Louvre, Versailles and Eiffel Tower close over coronavirus crisis

People line up outside Paris's Louvre Museum as it was closed during a staff meeting about the coronavirus outbreak on March 1, 2020.
People line up outside Paris's Louvre Museum as it was closed during a staff meeting about the coronavirus outbreak on March 1, 2020. © Gonzalo Fuentes, Reuters

Following a French government directive banning gatherings of more than 100 people in a bid to contain the coronavirus’s spread, the Louvre Museum, Versailles Palace and the Eiffel Tower closed on Friday.


The Louvre in Paris, the world's most visited museum, said Friday that it was closing "until further notice" because of the coronavirus.

The closure of the museum, which had 9.6 million visitors last year, came after the French government banned all gatherings of over 100 people to limit the spread of the virus.

Versailles Palace – one of France's other big tourist attraction with nearly 10 million tourists a year – swiftly followed suit.

And the Eiffel Tower said its doors would shut from 9pm local time Friday (20:00 GMT) "due to the COVID-19 epidemic". 

Management said it hoped "to be able to reopen very soon when conditions allow it", in a statement on its website Friday. 

The Louvre had restricted entry to 1,000 people at a time on Monday as the number of cases in France began to rise.

In a sign that the shutdown could be relatively long-lasting, the museum said it was also postponing two upcoming exhibitions, including a show on Italian sculpture from Donatello to Michelangelo which was not due to open until May.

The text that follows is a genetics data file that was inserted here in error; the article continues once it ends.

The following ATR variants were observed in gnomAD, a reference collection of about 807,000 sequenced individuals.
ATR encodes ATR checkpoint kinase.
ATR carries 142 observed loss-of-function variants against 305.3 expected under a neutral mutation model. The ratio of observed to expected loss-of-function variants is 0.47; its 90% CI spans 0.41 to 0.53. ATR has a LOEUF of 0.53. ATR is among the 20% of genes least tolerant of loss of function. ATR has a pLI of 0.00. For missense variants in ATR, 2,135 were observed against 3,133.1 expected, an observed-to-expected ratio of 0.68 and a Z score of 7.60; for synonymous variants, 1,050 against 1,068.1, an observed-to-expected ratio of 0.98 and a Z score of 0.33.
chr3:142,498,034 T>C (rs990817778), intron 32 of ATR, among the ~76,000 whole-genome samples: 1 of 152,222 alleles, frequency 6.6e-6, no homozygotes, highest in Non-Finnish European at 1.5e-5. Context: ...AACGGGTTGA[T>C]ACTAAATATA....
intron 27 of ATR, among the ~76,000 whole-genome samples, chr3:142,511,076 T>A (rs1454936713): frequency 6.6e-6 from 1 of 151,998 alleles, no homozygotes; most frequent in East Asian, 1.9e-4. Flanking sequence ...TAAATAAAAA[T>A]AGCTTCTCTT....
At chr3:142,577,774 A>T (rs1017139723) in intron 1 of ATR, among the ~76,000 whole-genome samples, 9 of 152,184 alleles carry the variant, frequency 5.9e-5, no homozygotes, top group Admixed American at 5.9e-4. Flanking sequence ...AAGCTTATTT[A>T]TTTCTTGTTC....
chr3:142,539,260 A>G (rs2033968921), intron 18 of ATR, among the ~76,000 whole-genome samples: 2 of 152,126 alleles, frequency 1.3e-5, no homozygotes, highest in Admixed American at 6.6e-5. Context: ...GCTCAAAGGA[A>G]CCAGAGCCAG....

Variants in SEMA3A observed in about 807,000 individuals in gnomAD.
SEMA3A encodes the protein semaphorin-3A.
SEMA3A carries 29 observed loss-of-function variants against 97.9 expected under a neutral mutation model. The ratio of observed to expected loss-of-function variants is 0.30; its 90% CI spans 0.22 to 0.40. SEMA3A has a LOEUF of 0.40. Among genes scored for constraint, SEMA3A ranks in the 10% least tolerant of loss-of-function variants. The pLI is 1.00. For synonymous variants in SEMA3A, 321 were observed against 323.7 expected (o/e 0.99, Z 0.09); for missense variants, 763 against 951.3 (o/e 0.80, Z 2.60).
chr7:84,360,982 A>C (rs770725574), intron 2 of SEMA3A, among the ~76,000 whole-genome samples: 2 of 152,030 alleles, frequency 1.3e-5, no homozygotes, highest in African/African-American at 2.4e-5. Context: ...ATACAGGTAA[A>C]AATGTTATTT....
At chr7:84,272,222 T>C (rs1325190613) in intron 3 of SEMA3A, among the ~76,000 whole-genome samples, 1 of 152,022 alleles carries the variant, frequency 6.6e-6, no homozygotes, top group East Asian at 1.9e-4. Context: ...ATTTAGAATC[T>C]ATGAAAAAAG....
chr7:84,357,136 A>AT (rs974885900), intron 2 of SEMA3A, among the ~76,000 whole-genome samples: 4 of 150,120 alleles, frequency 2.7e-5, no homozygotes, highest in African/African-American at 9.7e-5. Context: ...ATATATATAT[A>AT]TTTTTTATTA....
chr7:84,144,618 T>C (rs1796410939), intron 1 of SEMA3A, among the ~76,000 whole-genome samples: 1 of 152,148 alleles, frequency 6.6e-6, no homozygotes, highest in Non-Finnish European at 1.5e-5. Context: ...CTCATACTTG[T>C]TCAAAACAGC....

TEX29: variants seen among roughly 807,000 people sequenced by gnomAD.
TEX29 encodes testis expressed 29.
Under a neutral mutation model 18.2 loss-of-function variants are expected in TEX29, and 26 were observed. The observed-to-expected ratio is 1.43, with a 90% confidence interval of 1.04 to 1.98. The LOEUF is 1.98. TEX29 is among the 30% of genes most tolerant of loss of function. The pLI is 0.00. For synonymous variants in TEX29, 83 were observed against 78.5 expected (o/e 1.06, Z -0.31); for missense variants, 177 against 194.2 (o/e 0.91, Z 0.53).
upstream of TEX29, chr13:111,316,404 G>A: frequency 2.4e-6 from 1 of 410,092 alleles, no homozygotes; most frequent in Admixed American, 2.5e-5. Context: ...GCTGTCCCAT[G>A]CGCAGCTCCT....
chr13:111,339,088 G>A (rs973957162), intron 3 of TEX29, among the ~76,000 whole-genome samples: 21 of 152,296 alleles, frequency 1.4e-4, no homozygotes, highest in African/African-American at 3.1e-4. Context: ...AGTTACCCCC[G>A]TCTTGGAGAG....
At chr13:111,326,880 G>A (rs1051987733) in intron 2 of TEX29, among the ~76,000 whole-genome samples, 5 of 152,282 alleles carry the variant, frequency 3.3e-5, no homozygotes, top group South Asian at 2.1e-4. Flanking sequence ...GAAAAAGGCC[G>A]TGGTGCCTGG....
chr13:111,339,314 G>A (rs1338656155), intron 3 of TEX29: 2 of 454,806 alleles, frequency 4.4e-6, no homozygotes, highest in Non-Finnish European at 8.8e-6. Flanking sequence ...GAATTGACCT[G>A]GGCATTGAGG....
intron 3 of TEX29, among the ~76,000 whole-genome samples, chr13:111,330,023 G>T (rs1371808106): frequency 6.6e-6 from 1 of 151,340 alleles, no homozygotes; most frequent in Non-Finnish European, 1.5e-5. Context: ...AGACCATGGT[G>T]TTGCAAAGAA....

The Musée d'Orsay in Paris, which holds the world's biggest collection of Impressionist paintings, also followed the Louvre's lead later Friday.

A string of other museums said they too were closing their doors after the French culture ministry ordered state institutions to shut or to severely restrict entry Friday.

Public theatres, libraries and concert halls were also told to close.

France's Culture Minister Franck Riester is quarantined at his home after testing positive for the virus earlier this week.

Fears of long shutdown

The prospect of a long shutdown has left theatres and concert halls in Paris staring into the financial abyss.

The entertainment industry across France – but particularly in the capital – had already been reeling from a six-week transport strike over pension reforms earlier this year, which has left the Paris Opera alone facing loses of €16.4 million ($18 million).

Impresario Jean-Marc Dumontet, who owns several Paris theatres, told AFP that the shutdown was a devastating double blow.

"Some of my staff are in tears," he said. "It's a knock-out blow. Projects are having to be abandoned," adding that all shows opening between now and August are threatened.

"It's extremely sad and really shocking."

The Paris Opera has pulled 34 operas, ballets and concerts at its two opera houses in the French capital, with only shows after April 24 still due to go ahead for now.

All rehearsals have also been cancelled.

"We have still enough money to meet our obligations," said the Paris Opera's CEO Martin Ajdari, but he warned that "anything that will follow this difficult period will be complicated".

The Louvre and the Musée d'Orsay had both restricted entry to 1,000 people earlier this week, with the Louvre forcing visitors to book online.

But with the death toll in France reaching 61 on Friday, and the government closing schools and crèches, the museums were forced to take a more radical approach.

The Louvre had closed for two days last week when staff refused to work over health fears.


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